If we can gain consent for an unrestricted residential dwelling – through a traditional barn conversion via a Full application or a Class Q Permitted Development right application – this allows a full residential use whether that is occupied by the owner, let out on an Assured Shorthold Tenancy or a holiday let for self-catering purposes. As you can appreciate, gaining a full residential permission gives the maximum value as it gives the most flexibility to future occupation. However, sometimes Local Planning Authorities will not support a full residential use due to the location of the barn in question.”

Whilst gaining full consent for an unrestricted residential dwelling can sometimes be tricky, with each farm situation and location being unique, we would suggest you employ a professional agent like Luscombe Maye to visit and give a full and thorough explanation of your options.

The Luscombe Maye Rural Professional team go on to say:

“We are on-hand to provide expert planning advice and prepare planning applications for a variety of proposals. Including new dwellings, barn conversions, diversification schemes, equestrian schemes and agricultural applications for buildings, tracks, farmhouses and Permitted Development right applications like Class Q. Our team provides advice on the best way of achieving planning permission. Whether this is through a Pre-Application Enquiry, an Outline application, a Full application or using your Permitted Development rights.”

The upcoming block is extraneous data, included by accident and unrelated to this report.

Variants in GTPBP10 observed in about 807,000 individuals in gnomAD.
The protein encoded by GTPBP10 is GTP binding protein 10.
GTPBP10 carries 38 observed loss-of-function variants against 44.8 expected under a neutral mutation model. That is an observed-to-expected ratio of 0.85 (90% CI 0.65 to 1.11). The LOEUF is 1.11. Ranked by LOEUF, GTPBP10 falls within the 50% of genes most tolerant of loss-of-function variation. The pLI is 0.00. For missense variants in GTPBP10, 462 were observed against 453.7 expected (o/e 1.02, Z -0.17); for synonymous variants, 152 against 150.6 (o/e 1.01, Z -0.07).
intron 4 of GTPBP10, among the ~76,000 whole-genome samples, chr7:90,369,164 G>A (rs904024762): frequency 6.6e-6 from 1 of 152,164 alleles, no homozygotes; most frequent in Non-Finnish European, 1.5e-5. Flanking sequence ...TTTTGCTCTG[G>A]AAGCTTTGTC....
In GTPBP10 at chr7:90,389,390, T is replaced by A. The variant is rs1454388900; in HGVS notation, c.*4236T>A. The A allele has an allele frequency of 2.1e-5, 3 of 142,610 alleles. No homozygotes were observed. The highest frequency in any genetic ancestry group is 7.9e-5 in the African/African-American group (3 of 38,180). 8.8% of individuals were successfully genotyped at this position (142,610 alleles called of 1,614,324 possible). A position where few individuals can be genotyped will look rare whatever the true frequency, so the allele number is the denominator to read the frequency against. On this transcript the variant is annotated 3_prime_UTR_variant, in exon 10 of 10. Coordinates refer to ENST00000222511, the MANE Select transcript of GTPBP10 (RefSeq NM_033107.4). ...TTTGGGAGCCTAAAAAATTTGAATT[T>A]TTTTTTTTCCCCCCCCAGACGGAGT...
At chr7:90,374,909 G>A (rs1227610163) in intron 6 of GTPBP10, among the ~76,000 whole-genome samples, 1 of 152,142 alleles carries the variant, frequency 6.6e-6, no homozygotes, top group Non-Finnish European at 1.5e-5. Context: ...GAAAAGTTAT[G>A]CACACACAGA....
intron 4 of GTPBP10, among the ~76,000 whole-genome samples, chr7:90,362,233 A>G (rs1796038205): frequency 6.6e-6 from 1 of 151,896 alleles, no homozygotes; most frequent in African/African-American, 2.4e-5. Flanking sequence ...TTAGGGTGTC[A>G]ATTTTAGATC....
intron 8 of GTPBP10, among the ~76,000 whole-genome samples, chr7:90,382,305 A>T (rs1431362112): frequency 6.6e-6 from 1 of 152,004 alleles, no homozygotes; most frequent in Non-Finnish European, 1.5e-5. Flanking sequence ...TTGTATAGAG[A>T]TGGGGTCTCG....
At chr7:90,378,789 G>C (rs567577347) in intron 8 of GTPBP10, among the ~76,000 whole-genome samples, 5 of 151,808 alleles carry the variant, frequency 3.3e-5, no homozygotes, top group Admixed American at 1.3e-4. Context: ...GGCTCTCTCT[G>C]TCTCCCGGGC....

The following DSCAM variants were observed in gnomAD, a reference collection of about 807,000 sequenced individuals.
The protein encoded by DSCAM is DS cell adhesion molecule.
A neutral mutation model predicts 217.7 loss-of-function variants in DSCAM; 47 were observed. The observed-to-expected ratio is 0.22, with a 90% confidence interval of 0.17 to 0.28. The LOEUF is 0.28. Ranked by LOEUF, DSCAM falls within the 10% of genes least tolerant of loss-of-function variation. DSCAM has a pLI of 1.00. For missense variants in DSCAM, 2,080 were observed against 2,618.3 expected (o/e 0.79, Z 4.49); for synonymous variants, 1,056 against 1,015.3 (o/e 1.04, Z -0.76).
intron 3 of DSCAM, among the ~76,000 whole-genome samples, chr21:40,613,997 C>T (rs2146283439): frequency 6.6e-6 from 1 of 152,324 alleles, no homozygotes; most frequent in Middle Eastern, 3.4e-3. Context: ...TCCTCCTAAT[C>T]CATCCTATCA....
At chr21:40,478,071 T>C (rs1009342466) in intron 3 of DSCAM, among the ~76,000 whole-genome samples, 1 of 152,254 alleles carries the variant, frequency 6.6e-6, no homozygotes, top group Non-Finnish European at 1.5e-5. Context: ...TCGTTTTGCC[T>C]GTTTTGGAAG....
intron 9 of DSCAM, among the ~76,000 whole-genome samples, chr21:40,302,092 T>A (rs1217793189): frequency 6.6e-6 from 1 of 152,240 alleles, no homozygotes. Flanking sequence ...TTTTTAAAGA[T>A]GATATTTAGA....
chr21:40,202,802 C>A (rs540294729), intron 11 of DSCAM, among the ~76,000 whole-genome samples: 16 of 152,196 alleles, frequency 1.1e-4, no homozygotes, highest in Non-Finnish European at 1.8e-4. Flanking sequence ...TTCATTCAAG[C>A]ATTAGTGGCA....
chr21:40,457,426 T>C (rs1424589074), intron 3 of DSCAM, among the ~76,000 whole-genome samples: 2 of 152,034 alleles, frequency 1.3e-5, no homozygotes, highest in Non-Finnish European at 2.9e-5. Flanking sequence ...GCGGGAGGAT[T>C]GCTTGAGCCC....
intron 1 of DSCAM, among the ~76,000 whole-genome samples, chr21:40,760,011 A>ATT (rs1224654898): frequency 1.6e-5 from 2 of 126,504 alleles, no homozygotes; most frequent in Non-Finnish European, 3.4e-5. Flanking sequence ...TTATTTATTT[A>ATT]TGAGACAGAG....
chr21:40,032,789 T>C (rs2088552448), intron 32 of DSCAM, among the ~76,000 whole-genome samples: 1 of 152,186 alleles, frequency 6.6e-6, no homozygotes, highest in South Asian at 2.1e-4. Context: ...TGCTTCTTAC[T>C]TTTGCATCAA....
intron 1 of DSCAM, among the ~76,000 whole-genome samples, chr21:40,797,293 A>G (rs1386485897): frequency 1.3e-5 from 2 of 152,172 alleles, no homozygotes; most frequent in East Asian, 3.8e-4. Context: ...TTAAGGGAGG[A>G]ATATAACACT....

New planning laws for 2024

It is important to also be aware that the government have recently announced a new planning class for short term lets, which will come in to force only in certain areas. Properties will be able to move between being a main home and being a short term let freely, unless its local authority introduces what’s called an Article 4 direction. This may happen if Councils are concerned that in a particular area there are too many short term lets and there is evidence that it’s having an impact on housing supply. In these areas, all new short term lets would require planning permission. Why not consult with Luscombe Maye or another rural professional for information on the planning situation in your specific area?